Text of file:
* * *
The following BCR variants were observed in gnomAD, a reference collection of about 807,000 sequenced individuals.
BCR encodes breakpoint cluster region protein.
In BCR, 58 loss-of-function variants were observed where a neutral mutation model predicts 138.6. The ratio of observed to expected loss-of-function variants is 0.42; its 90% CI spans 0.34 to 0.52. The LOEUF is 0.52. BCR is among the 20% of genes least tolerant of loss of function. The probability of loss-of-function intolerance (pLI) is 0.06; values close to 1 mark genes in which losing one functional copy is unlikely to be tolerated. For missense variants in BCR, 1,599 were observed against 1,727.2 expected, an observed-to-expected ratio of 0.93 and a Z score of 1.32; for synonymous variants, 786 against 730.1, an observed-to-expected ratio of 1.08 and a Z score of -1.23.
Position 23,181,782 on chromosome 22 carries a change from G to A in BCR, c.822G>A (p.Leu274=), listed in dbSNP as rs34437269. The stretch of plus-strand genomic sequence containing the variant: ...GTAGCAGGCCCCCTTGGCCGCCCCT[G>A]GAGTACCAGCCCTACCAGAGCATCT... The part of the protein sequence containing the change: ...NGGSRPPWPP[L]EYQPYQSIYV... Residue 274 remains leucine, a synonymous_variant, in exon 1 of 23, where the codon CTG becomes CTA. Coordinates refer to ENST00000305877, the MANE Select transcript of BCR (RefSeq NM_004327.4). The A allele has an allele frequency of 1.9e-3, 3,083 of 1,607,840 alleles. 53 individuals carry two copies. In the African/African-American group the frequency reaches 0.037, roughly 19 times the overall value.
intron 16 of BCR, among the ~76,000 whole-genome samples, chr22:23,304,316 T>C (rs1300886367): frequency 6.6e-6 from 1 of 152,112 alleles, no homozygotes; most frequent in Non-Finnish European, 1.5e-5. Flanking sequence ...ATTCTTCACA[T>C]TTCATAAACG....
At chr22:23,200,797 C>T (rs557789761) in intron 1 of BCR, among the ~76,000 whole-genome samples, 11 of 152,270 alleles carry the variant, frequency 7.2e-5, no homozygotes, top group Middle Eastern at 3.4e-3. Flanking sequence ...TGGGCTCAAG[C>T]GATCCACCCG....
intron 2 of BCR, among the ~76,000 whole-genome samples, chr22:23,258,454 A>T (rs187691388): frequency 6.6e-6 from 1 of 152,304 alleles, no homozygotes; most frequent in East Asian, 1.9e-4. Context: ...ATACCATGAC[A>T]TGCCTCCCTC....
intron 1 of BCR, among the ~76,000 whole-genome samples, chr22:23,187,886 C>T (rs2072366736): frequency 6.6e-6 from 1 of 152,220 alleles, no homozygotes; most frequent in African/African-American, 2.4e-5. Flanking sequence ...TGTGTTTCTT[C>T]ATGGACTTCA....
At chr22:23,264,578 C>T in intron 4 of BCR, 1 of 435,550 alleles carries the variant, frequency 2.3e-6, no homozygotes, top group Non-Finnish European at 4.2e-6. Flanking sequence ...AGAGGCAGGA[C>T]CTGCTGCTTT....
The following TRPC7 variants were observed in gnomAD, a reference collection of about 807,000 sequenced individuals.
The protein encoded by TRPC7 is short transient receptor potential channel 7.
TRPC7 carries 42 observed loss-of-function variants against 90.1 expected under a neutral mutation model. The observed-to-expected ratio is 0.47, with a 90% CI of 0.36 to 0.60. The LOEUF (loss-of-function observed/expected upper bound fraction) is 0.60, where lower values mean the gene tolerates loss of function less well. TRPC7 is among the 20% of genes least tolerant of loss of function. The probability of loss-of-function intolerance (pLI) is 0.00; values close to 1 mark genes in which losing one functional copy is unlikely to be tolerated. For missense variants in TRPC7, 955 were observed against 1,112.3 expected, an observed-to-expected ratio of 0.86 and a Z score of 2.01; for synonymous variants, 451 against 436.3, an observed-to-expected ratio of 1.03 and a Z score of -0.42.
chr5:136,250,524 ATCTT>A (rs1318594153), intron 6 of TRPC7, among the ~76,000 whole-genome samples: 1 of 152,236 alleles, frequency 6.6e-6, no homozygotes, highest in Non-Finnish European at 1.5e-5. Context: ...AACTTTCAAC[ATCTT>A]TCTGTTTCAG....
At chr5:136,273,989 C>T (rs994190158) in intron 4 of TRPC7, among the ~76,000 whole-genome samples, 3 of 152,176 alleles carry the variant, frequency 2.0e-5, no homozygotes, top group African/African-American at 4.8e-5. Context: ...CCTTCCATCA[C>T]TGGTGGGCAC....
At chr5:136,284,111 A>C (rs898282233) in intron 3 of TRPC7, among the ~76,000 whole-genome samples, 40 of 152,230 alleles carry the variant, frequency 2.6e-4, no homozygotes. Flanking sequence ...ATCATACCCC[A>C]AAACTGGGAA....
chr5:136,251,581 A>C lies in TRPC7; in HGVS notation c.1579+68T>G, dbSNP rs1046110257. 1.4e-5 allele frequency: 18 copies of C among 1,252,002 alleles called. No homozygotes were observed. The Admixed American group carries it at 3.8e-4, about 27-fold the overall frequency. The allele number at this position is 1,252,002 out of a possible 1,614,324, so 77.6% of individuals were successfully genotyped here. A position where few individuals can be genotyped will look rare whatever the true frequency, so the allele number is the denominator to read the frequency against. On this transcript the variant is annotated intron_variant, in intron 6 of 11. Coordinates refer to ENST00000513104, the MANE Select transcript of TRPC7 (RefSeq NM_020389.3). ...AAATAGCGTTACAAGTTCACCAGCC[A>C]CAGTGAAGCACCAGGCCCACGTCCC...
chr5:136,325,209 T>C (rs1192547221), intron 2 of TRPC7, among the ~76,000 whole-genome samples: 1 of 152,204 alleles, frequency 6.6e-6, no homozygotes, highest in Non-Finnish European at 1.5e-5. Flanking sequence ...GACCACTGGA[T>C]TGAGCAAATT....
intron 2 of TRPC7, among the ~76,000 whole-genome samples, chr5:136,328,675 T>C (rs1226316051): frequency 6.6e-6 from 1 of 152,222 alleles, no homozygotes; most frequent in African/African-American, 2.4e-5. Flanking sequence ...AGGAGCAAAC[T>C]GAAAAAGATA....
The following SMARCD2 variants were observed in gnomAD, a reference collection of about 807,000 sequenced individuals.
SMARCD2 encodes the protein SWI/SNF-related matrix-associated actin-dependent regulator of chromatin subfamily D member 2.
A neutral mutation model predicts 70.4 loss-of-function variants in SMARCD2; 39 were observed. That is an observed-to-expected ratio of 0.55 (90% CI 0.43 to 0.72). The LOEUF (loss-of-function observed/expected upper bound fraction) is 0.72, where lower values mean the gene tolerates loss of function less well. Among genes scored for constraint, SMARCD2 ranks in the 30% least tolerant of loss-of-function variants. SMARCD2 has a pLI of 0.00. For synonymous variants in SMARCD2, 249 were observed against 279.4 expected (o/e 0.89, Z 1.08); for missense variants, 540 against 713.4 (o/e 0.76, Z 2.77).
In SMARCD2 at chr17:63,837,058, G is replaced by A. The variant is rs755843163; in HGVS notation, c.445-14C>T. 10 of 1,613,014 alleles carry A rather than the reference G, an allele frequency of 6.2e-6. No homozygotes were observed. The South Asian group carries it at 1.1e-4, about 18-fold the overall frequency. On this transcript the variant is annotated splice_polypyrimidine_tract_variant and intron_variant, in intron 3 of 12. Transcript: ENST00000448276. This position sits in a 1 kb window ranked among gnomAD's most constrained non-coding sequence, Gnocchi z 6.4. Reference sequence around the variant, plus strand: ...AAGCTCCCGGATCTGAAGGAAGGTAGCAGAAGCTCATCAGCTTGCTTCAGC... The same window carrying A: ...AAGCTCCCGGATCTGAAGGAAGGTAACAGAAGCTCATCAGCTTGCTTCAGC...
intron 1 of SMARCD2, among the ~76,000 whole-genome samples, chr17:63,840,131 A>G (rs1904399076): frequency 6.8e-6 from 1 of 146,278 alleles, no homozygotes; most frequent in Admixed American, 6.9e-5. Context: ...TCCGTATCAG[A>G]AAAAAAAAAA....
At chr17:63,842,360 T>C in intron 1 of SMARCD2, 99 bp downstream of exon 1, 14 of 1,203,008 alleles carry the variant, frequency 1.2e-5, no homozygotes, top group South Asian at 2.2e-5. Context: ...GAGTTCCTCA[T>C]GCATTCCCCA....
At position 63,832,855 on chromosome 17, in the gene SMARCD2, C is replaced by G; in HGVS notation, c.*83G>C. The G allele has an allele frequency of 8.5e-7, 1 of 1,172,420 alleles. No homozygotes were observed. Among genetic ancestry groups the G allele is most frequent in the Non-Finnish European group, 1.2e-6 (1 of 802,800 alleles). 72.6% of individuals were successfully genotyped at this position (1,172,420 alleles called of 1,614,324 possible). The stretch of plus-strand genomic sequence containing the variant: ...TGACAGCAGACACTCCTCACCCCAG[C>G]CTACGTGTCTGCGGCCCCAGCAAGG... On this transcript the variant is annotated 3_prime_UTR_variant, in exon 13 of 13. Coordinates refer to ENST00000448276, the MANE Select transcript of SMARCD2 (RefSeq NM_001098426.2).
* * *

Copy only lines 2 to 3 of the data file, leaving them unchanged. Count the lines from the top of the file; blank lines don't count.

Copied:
BCR encodes breakpoint cluster region protein.
In BCR, 58 loss-of-function variants were observed where a neutral mutation model predicts 138.6. The ratio of observed to expected loss-of-function variants is 0.42; its 90% CI spans 0.34 to 0.52. The LOEUF is 0.52. BCR is among the 20% of genes least tolerant of loss of function. The probability of loss-of-function intolerance (pLI) is 0.06; values close to 1 mark genes in which losing one functional copy is unlikely to be tolerated. For missense variants in BCR, 1,599 were observed against 1,727.2 expected, an observed-to-expected ratio of 0.93 and a Z score of 1.32; for synonymous variants, 786 against 730.1, an observed-to-expected ratio of 1.08 and a Z score of -1.23.